The US Supreme Court has overturned Roe V Wade and turned the matter of legal abortion back to the states, where it never should have left.
I will not get into legalities. That’s beyond me. I only want to recount my experience not of abortion, but as a young boy raised in an intensely Catholic environment. I was 21 when Roe v Wade came down, and I was appalled and disgusted. At that age, so inexperienced and overly righteous, I had no problem in judging that women, once pregnant, needed to stay pregnant, and either put up their children for adoption, or set aside their lives, futures and careers and raise that child.
How do unwanted pregnancies happen? Poor judgment, strong impulses, changes in circumstances, and probably most importantly, alcohol. Slowly over time my attitudes began to soften. Sometimes pregnancy is an unplanned mistake, and if there is a way out without killing a fully formed baby (or fetus), I thought it best to take it. What is more important – the life of a fetus, not fully formed or sentient, or that of a young woman, who should be allowed to make a mistake and still have a future.
My attitudes towards Christians, especially fundamentalist Christians, hardened. This even as I read and internalized The Varieties of Religious Experience by William James. From that I gleaned that the settling of religion into sentient and intelligent people was a real event, and that from that event people had better lives and more happiness than they would have had otherwise. I was not so affected. Even with that in mind, I thought abortion to be none of the concern of religious people.
So I had bounced from disdain towards pregnant women to disdain towards religious believers. I was still an extremist.
Only age has softened me. I now look at the whole political spectrum surrounding abortion to be comprised of sincere people holding deep beliefs that they come upon often with thought and compassion. Those who oppose abortion on demand want life to be true to beliefs and people to be held to very high standards.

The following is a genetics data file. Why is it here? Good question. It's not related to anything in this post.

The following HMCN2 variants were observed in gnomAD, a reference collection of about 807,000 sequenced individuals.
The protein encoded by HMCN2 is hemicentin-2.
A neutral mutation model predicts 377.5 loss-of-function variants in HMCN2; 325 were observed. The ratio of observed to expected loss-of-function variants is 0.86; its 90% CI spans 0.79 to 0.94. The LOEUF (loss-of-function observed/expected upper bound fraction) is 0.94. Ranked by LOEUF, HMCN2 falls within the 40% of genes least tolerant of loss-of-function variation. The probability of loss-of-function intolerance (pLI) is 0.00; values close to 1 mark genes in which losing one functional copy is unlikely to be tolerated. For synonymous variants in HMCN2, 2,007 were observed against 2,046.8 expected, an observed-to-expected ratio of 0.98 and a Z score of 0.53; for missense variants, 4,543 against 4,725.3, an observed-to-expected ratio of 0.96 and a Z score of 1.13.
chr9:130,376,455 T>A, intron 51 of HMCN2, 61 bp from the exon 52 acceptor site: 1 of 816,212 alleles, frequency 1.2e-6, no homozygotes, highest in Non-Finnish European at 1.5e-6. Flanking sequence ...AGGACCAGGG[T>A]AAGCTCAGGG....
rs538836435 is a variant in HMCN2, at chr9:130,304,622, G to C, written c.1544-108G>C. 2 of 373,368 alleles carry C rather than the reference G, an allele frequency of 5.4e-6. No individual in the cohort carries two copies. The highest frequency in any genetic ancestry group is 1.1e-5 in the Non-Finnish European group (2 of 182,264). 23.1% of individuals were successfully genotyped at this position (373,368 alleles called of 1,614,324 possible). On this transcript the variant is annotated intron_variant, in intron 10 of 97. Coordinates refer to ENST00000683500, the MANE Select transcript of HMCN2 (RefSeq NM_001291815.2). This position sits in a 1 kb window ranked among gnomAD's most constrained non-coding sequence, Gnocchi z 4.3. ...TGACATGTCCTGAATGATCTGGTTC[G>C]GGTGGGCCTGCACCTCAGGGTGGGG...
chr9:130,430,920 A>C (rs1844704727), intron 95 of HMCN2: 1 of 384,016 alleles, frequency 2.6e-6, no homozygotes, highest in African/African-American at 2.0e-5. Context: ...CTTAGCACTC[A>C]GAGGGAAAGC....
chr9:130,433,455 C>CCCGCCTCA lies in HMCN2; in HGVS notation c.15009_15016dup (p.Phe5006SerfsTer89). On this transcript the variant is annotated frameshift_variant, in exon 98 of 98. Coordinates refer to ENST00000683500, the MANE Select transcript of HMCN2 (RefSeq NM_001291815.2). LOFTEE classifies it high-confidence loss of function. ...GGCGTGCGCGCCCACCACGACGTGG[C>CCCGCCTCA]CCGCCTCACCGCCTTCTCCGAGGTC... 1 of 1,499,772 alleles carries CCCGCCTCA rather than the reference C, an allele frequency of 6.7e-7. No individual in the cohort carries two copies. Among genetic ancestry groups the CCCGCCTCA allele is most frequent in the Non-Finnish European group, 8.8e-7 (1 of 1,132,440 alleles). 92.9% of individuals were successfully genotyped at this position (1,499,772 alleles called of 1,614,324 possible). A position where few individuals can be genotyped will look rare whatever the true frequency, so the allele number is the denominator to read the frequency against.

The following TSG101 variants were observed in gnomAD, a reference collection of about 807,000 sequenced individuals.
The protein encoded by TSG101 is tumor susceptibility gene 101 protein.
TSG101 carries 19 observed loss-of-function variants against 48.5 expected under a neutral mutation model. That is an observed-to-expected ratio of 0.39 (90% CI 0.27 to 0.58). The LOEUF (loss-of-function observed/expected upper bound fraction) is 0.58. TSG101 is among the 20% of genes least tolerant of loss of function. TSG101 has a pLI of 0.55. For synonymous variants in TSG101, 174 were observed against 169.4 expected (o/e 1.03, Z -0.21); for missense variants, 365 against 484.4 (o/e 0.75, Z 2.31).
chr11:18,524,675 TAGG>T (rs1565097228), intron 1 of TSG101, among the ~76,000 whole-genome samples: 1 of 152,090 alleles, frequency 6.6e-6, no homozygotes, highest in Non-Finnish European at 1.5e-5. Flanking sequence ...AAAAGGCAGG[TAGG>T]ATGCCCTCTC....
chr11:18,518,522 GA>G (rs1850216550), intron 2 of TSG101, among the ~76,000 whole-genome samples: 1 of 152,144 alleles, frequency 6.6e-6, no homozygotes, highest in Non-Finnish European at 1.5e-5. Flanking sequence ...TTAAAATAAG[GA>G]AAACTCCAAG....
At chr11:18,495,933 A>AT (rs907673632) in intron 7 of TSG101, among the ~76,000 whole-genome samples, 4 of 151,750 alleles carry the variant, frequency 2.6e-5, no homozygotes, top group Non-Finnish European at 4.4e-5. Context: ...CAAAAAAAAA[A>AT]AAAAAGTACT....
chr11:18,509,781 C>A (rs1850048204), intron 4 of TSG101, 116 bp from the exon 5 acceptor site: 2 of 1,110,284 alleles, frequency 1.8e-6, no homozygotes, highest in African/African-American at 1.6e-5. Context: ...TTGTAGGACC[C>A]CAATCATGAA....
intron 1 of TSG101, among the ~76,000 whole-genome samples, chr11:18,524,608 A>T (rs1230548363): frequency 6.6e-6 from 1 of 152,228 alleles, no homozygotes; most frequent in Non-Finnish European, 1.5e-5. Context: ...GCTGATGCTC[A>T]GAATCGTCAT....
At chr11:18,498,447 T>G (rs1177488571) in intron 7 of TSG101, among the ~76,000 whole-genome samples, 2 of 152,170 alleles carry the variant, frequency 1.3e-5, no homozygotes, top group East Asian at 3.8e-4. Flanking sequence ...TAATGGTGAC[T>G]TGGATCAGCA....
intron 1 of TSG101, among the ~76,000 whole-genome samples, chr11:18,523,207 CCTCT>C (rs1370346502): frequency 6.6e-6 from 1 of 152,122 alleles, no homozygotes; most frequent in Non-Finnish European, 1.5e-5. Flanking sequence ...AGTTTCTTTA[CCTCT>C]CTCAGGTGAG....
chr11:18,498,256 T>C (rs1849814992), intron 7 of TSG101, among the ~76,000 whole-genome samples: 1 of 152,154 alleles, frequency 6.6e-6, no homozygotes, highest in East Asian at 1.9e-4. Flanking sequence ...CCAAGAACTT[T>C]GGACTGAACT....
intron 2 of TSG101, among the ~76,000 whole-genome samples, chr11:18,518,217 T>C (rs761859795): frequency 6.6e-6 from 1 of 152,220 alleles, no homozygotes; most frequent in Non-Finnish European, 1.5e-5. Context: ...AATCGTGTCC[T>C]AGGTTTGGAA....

Those who favor abortion on demand have a more humanist outlook, that the life of a woman who has become pregnant either by accident or against changing circumstances or against her own better judgement has to matter as much as the the life of a fetus. Good lord is that a hard choice. Women post-abortion often face guilt and depression taking months or years to get over. I do not envy them that position.
Of course I am troubled, as a man who has caused four pregnancies and five children to exist. Abortion is ugly. If a person looks on abortion as a sacrament, that person is far too hardened for my taste. If a person regards abortion, legal or not, as a hard choice, then it is our role as caring humans to understand and accept and support what ever outcome is chosen. We are not the final judges in these matters, and extreme suffering surrounds every choice.
The Supreme Court did not rule abortion illegal. No doubt Utah will soon do so, perhaps Idaho as well. I expect that California, for instance, will have legal and illegal enclaves and that abortion will go on there just as before Roe v Wade, only less reliable and healthy for the pregnant mother.
I find late-term abortion to be utterly repugnant. I find all abortion to be repellent. But I am a man. I’ve not gotten pregnant, and cannot begin to know the troubles of, say a young teen, finding herself with a living being inside her and torn between the natural unconditional love that a mother feels for a child, and the need to be free to make choices about her own life without interference.
This issue is not straightforward. I’ve been on both sides, and had no business on either. As an non-religious man, I really cannot justify harsh judgment against anyone.